Wednesday, 19 March 2014

To Cross the Oceans 2

Continuing from a post I put up in August last year, here are some more links relating to the global reach of metal and punk that readers might find interesting.

Algeria, Morocco, Cameroon, Uganda, Zambia and Zimbabwe
Since that earlier post, Alasdair Bulmer's geographic focus has moved progressively southward in the series of articles on African metal that he has written for Invisible Oranges. Although short, these articles offer a fascinating and diverse snapshot.
African Metal #3: Algeria and Morocco
African Metal #4: Cameroon
African Metal #5: Uganda
African Metal #6: Zambia and Zimbabwe

Picking up from the article on Zambia, which mentions that 1970s Zamrock records have been reissued by Now Again Records, a couple of years ago I got my hands on a compilation released by that label called Those Shocking, Shaking Days: Indonesian Hard, Psychedelic, Progressive Rock and Funk: 1970-1978. The anthology, and its extensive liner notes, give an overview of a rock movement overflowing with fuzz and funk that drew on a range of influences, from James Brown to Black Sabbath, to hold a mirror up to the cultural and political landscape of Indonesia under Suharto in the '70s. Listen to the album here.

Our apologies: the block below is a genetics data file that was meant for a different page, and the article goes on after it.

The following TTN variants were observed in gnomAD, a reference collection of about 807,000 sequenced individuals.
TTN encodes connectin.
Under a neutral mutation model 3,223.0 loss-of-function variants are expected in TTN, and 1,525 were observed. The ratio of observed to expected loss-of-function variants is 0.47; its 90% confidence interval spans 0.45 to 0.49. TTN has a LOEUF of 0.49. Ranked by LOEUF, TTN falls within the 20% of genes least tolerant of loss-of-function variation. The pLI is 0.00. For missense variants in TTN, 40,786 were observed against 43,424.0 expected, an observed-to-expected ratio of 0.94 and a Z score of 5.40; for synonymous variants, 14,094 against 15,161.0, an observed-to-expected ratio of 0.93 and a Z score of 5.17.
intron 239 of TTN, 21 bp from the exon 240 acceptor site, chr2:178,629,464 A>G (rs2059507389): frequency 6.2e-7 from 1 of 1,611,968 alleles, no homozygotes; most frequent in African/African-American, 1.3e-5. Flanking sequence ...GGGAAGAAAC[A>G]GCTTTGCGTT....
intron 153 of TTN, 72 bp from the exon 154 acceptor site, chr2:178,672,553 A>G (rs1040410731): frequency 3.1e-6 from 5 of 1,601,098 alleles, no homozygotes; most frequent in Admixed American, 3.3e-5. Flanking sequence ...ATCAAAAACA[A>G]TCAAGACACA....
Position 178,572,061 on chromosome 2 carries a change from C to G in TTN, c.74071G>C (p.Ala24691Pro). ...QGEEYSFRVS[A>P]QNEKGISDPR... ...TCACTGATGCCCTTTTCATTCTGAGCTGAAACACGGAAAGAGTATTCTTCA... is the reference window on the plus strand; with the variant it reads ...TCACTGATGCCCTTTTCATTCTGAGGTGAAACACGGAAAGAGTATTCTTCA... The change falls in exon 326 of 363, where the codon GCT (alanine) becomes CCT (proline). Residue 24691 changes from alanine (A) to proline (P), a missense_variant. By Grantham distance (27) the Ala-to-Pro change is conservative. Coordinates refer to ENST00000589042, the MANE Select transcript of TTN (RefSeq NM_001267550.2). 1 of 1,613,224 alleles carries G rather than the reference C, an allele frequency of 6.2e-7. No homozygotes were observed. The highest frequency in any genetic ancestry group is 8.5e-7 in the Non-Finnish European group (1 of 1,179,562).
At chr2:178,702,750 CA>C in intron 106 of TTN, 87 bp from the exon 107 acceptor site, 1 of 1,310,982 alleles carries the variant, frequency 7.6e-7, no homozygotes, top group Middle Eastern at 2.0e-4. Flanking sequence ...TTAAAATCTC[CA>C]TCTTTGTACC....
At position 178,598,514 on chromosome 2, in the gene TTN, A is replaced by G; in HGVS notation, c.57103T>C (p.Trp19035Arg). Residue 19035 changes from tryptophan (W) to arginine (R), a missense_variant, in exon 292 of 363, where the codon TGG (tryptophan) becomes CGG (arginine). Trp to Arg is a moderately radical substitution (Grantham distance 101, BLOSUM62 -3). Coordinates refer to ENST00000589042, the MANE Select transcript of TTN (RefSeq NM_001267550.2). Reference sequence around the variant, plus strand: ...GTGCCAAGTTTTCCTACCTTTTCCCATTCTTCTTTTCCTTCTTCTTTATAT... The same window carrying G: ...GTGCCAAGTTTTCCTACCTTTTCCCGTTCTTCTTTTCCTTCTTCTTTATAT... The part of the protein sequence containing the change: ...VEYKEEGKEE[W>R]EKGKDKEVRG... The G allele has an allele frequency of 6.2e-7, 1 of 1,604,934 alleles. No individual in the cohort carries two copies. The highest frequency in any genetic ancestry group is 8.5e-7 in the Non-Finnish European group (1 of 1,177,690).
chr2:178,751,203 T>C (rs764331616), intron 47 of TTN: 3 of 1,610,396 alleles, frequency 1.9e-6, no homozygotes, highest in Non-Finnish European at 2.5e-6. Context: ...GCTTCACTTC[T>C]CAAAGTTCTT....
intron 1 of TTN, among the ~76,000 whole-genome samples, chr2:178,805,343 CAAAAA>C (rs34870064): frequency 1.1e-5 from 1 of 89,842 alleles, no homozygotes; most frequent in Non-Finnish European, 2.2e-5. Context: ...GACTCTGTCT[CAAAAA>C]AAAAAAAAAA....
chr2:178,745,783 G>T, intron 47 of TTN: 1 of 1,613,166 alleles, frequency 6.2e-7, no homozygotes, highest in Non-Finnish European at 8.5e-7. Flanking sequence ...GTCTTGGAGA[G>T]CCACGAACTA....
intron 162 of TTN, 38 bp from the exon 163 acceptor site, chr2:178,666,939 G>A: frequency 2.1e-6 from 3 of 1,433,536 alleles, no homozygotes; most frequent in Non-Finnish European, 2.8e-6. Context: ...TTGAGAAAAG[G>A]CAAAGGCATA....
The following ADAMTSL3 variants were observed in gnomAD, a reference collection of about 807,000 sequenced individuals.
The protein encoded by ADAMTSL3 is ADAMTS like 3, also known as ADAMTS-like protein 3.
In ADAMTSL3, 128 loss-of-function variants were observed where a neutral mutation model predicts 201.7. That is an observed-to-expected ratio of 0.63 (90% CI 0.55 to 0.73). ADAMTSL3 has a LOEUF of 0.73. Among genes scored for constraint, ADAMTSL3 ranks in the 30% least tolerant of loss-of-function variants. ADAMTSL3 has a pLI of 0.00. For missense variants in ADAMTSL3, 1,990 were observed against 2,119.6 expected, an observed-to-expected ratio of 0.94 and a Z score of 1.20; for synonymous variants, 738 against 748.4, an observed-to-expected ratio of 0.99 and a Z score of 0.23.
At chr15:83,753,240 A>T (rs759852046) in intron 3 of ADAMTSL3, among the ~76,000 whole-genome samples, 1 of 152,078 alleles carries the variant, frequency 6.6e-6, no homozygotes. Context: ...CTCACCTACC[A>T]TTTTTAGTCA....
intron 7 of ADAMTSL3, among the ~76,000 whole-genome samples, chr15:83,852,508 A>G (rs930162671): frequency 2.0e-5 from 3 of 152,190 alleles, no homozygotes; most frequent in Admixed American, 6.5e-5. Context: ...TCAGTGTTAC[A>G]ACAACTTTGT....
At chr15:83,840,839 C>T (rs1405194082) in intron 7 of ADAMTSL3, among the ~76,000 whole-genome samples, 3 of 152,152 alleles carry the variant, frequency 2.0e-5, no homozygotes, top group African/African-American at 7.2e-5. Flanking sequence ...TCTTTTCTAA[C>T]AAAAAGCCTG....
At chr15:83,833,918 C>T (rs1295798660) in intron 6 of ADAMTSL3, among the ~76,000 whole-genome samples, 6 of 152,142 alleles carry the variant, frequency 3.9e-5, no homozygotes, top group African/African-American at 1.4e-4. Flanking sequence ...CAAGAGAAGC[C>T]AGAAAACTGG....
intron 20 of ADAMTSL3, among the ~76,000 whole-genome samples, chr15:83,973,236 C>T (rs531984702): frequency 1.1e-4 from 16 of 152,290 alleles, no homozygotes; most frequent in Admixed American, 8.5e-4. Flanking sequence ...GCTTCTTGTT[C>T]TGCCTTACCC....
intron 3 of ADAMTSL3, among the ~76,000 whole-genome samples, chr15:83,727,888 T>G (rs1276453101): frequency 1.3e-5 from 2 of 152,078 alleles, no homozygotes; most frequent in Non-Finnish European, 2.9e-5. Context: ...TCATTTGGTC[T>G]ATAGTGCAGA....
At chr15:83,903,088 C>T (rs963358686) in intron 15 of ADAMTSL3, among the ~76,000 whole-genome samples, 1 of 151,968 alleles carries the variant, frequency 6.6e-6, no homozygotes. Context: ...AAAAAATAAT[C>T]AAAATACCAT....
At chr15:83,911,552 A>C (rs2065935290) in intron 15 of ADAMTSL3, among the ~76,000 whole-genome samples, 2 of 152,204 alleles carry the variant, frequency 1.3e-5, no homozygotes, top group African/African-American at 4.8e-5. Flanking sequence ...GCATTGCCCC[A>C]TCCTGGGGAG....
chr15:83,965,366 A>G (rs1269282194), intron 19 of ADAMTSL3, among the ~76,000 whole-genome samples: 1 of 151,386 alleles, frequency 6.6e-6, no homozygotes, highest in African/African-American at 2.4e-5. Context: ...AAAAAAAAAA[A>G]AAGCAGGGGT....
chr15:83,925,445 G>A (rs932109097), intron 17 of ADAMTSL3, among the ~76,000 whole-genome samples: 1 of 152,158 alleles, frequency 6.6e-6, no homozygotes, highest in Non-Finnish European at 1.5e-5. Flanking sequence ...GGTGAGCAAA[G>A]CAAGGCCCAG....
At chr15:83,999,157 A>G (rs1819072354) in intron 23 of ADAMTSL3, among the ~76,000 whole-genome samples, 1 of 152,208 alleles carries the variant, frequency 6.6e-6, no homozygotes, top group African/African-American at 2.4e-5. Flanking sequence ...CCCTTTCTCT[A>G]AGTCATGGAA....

Decades later, it seems that psychedelic hard rock continues to have a good home in Indonesia. A couple of bands that exemplify this and are well worth checking out are The Sigit, who released the excellent Detourn late last year, and Sigmun.
The Sigit - Detourn (Bandcamp)
Sigmun (Bandcamp)

It is already well known that punk is also thriving in Indonesia. Punk Rock vs Sharia Law, a 20 minute documentary by Noisey, focuses on a marginalised group of punks in Aceh, highlighting the persecution the group has faced as well as the long lasting impact of the 2004 tsunami.
Punk Rock vs Sharia Law (Noisey)

Finally, the tale of Biquette the punk goat (thanks to Dave for bringing this one to my attention). Before her untimely death in December last year, Biquette lived on a farm/DIY space in rural France, where she spent her time hanging out and watching bands that played there, such as Wormrot.
"Grind Goat Will Never Die But You Will" (Noisey)


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